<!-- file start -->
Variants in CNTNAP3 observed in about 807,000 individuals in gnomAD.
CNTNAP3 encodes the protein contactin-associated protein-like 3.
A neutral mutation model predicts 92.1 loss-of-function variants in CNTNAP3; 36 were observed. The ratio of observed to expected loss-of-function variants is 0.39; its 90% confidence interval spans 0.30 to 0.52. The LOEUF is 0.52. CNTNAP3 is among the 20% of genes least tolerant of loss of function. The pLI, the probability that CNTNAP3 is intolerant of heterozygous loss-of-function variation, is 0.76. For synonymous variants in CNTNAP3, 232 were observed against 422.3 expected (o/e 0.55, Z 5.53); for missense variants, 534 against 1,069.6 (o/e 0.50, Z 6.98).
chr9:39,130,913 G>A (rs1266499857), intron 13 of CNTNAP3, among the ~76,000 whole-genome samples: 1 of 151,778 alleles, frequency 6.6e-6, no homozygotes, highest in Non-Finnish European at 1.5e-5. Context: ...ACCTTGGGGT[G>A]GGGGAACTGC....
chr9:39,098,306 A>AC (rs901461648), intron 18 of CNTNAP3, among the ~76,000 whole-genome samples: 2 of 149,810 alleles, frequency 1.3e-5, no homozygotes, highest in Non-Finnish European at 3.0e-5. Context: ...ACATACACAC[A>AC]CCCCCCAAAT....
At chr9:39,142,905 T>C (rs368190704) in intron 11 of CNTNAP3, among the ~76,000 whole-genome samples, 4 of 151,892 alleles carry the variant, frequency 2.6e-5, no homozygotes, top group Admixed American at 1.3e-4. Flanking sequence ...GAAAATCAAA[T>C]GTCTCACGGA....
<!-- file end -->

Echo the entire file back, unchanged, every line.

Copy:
Variants in CNTNAP3 observed in about 807,000 individuals in gnomAD.
CNTNAP3 encodes the protein contactin-associated protein-like 3.
A neutral mutation model predicts 92.1 loss-of-function variants in CNTNAP3; 36 were observed. The ratio of observed to expected loss-of-function variants is 0.39; its 90% confidence interval spans 0.30 to 0.52. The LOEUF is 0.52. CNTNAP3 is among the 20% of genes least tolerant of loss of function. The pLI, the probability that CNTNAP3 is intolerant of heterozygous loss-of-function variation, is 0.76. For synonymous variants in CNTNAP3, 232 were observed against 422.3 expected (o/e 0.55, Z 5.53); for missense variants, 534 against 1,069.6 (o/e 0.50, Z 6.98).
chr9:39,130,913 G>A (rs1266499857), intron 13 of CNTNAP3, among the ~76,000 whole-genome samples: 1 of 151,778 alleles, frequency 6.6e-6, no homozygotes, highest in Non-Finnish European at 1.5e-5. Context: ...ACCTTGGGGT[G>A]GGGGAACTGC....
chr9:39,098,306 A>AC (rs901461648), intron 18 of CNTNAP3, among the ~76,000 whole-genome samples: 2 of 149,810 alleles, frequency 1.3e-5, no homozygotes, highest in Non-Finnish European at 3.0e-5. Context: ...ACATACACAC[A>AC]CCCCCCAAAT....
At chr9:39,142,905 T>C (rs368190704) in intron 11 of CNTNAP3, among the ~76,000 whole-genome samples, 4 of 151,892 alleles carry the variant, frequency 2.6e-5, no homozygotes, top group Admixed American at 1.3e-4. Flanking sequence ...GAAAATCAAA[T>C]GTCTCACGGA....